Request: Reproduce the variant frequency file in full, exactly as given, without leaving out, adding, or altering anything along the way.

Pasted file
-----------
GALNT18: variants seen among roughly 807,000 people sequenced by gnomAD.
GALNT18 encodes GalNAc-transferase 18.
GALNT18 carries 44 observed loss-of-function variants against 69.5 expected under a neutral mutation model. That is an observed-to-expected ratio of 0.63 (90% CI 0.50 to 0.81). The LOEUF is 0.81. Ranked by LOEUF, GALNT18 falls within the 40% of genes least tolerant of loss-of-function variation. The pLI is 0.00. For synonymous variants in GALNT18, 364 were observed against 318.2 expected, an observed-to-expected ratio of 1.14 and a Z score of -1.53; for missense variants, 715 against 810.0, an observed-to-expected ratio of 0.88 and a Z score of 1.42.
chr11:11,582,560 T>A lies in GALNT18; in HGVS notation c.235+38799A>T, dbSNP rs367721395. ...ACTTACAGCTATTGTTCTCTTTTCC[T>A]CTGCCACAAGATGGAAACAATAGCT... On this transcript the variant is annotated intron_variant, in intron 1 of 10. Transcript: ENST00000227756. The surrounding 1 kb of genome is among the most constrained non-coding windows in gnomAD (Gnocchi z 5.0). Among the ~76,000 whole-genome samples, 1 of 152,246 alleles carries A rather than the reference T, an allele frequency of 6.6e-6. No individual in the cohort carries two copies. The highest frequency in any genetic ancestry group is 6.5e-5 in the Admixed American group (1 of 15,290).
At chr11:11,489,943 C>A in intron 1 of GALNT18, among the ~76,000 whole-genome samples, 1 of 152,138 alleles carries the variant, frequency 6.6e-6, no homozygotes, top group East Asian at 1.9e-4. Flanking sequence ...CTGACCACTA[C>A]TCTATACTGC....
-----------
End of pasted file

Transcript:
GALNT18: variants seen among roughly 807,000 people sequenced by gnomAD.
GALNT18 encodes GalNAc-transferase 18.
GALNT18 carries 44 observed loss-of-function variants against 69.5 expected under a neutral mutation model. That is an observed-to-expected ratio of 0.63 (90% CI 0.50 to 0.81). The LOEUF is 0.81. Ranked by LOEUF, GALNT18 falls within the 40% of genes least tolerant of loss-of-function variation. The pLI is 0.00. For synonymous variants in GALNT18, 364 were observed against 318.2 expected, an observed-to-expected ratio of 1.14 and a Z score of -1.53; for missense variants, 715 against 810.0, an observed-to-expected ratio of 0.88 and a Z score of 1.42.
chr11:11,582,560 T>A lies in GALNT18; in HGVS notation c.235+38799A>T, dbSNP rs367721395. ...ACTTACAGCTATTGTTCTCTTTTCC[T>A]CTGCCACAAGATGGAAACAATAGCT... On this transcript the variant is annotated intron_variant, in intron 1 of 10. Transcript: ENST00000227756. The surrounding 1 kb of genome is among the most constrained non-coding windows in gnomAD (Gnocchi z 5.0). Among the ~76,000 whole-genome samples, 1 of 152,246 alleles carries A rather than the reference T, an allele frequency of 6.6e-6. No individual in the cohort carries two copies. The highest frequency in any genetic ancestry group is 6.5e-5 in the Admixed American group (1 of 15,290).
At chr11:11,489,943 C>A in intron 1 of GALNT18, among the ~76,000 whole-genome samples, 1 of 152,138 alleles carries the variant, frequency 6.6e-6, no homozygotes, top group East Asian at 1.9e-4. Flanking sequence ...CTGACCACTA[C>A]TCTATACTGC....